Fraternity members in shock after house burns down


Hannah Auten

Phi Delta Theta seniors Matt Marcotte, Daniel Oversen, and Greg Garro stopped by their recently burnt down senior house to collect their belongings on Jan. 29 2016.

By Aaron Navarro

“At first I was just so blown away, I had no idea how that had even just happened,” Penicook said. “I was in absolute disbelief, mostly so glad everyone was okay, so grateful.”

On Jan. 22, the Phi Delta Theta senior house on 908 S. Oak St. caught fire in the early morning. According to the Champaign Fire Department, there were six injuries due to the fire, though Penicook clarifies that everyone was fine.

“I bruised my hip falling, my girlfriend burned her hand a little turning a doorknob, but we’re fine,” Penicook said.

Penicook said one of the first things he did after getting out of the house was make sure all of the 14 residents that lived there were accounted for and okay. For him to escape the house though was a process, he said.

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“We tried to go downstairs, but there was this thick cloud of hot smoke, burning, keeping us from going back there. I shut the door, and then we all, there’s five of us at this point on the second floor, we ran to the right back room, looked out the window and saw all the other guys who had crawled out the basement window,” Penicook said.

“They were screaming, ‘You gotta get out of there, the entire place is on fire.’ So what we did was me and Troy and Grant folded Grant’s mattress in half, threw it out the window, dropped the girls down first from the two-story window, then we jumped.”

The Champaign Fire Department firefighters appeared on the scene at 3:51 a.m. and contained the fire by 7:06 a.m., just before sunrise.

“Whenever we arrive on scene the first thing we do is we want to make sure we have everybody accounted for from the structure,” Champaign Deputy Fire Marshal Randy Smith said. “First and foremost we want to make sure everybody is out.”

The seniors received a plethora of support, from the emergency deans who came at 5 a.m. to the other senior houses that offered their homes as temporary living places to the parents who came down, Penicook said.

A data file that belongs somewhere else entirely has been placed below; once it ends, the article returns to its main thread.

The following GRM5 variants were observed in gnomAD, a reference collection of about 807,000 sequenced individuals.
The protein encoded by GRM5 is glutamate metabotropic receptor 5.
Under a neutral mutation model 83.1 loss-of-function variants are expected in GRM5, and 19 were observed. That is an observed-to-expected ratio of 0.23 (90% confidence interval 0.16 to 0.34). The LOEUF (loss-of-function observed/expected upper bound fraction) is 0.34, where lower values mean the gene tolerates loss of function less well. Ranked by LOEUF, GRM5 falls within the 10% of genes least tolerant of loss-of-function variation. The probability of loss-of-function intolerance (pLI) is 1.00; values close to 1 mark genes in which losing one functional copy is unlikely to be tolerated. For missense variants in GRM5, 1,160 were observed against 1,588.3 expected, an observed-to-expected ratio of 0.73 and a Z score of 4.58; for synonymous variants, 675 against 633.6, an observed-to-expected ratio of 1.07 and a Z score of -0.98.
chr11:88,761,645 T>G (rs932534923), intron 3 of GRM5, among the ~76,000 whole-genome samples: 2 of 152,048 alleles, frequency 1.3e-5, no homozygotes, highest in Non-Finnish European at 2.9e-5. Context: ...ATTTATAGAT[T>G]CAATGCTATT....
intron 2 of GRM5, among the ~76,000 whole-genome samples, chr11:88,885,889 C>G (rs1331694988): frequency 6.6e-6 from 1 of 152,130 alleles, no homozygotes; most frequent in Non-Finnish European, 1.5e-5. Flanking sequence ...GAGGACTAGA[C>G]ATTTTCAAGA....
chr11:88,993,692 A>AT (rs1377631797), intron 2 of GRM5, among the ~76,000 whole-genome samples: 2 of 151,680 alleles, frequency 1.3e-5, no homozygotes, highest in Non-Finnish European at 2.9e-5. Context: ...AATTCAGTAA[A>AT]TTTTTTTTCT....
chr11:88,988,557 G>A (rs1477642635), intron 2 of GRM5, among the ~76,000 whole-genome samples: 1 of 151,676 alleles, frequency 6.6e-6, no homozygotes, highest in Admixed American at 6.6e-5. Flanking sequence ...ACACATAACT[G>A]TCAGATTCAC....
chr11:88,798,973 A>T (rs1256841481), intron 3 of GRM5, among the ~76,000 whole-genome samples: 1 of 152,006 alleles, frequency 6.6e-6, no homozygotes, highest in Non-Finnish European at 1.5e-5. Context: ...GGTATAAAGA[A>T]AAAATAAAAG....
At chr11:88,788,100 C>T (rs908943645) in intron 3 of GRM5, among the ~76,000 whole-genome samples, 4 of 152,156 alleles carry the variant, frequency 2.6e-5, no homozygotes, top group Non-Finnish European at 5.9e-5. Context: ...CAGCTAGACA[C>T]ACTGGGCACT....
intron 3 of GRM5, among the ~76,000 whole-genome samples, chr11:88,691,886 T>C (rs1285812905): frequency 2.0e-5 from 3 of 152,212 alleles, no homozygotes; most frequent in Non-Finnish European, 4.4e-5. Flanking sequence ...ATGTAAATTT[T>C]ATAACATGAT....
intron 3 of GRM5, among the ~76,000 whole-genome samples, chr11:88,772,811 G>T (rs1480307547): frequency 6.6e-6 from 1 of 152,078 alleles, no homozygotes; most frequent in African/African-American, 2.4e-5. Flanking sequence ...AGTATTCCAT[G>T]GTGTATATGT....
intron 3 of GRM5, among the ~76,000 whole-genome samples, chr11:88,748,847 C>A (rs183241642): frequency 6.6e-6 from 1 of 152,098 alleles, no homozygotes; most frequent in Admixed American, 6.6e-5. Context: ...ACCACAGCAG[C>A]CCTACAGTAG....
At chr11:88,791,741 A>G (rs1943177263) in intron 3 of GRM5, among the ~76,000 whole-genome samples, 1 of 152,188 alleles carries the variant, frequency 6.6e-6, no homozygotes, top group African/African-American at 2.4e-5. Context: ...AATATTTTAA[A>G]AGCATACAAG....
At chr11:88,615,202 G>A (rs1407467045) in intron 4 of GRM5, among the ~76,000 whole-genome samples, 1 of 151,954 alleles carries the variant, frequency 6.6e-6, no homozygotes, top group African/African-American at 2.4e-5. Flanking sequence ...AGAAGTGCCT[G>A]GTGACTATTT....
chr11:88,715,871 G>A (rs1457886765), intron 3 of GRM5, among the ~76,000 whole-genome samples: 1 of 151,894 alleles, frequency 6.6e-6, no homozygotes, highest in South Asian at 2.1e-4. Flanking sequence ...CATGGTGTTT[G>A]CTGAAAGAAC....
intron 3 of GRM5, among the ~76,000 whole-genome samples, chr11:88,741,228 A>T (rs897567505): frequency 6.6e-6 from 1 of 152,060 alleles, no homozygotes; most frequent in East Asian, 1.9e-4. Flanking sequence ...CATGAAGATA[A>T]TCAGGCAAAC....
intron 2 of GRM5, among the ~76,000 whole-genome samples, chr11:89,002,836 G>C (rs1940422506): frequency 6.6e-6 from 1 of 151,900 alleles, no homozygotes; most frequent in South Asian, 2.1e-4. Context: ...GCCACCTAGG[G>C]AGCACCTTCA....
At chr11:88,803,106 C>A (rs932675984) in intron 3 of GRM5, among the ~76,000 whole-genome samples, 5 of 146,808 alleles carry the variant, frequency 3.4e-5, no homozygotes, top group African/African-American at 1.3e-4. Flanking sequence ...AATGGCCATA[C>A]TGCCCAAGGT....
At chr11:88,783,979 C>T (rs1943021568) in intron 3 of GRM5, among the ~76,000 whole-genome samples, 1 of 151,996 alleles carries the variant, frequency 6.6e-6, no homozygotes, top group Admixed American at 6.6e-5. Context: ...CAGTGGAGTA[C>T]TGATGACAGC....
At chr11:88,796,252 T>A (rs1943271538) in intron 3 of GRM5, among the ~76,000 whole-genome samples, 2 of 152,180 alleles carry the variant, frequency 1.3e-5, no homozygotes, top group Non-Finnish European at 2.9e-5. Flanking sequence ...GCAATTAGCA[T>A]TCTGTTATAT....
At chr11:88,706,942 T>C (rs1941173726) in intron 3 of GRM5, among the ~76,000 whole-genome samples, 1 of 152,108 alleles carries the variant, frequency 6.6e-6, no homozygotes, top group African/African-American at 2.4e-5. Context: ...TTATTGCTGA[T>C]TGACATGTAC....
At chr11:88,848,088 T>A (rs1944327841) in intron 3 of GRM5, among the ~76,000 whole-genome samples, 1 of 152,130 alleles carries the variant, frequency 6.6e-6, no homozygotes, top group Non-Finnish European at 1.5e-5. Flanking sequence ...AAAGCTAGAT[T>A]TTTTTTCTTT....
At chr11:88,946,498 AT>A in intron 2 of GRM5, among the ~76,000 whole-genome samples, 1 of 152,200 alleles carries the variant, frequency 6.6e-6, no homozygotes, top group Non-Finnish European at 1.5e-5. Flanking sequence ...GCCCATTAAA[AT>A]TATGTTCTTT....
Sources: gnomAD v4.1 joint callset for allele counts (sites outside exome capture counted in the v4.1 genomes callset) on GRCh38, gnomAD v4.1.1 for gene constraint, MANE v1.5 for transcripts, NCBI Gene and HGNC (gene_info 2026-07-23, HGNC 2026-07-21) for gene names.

“We were offered to stay in a bunch of senior houses, a couple of our parents came down, a couple of us stayed in the chapter house. The younger guys were absolutely welcoming,” Penicook said. “Everyone was really helpful and that was awesome. It was amazing, the emergency deans were there at like 5 a.m. They contacted our professors for us, saw if we needed anything. They definitely made the situation feel a lot more safe and secure. We really cannot thank them enough.”

As of now, twelve of the seniors found apartments relatively close to each other, which was very important to the group, Penicook said.

“It’s our senior year and everything like that, we wanted to try and remain close,” Penicook said. “Six of us are in an apartment at the distillery, the other six are at an apartment on First Street, First and John. We are still within two blocks of each other, so we can still kind of stay together. That was an important thing.”

As far as future plans, such as paying for the $300,000 damages to the house, Penicook said it’s unclear.

“As of now, nothing is finalized. All that, I’m assuming is all I know. Roland will be in contact with us soon, everyone has been very helpful in terms of the investigation and everything. As of now, there’s no clear outlook for that,” Penicook said.

The cause of the fire is still under investigation.

“We’re going to spend more time on the scene, doing the scene examination,” Smith said. “It’s usually some time before the investigation comes out.”

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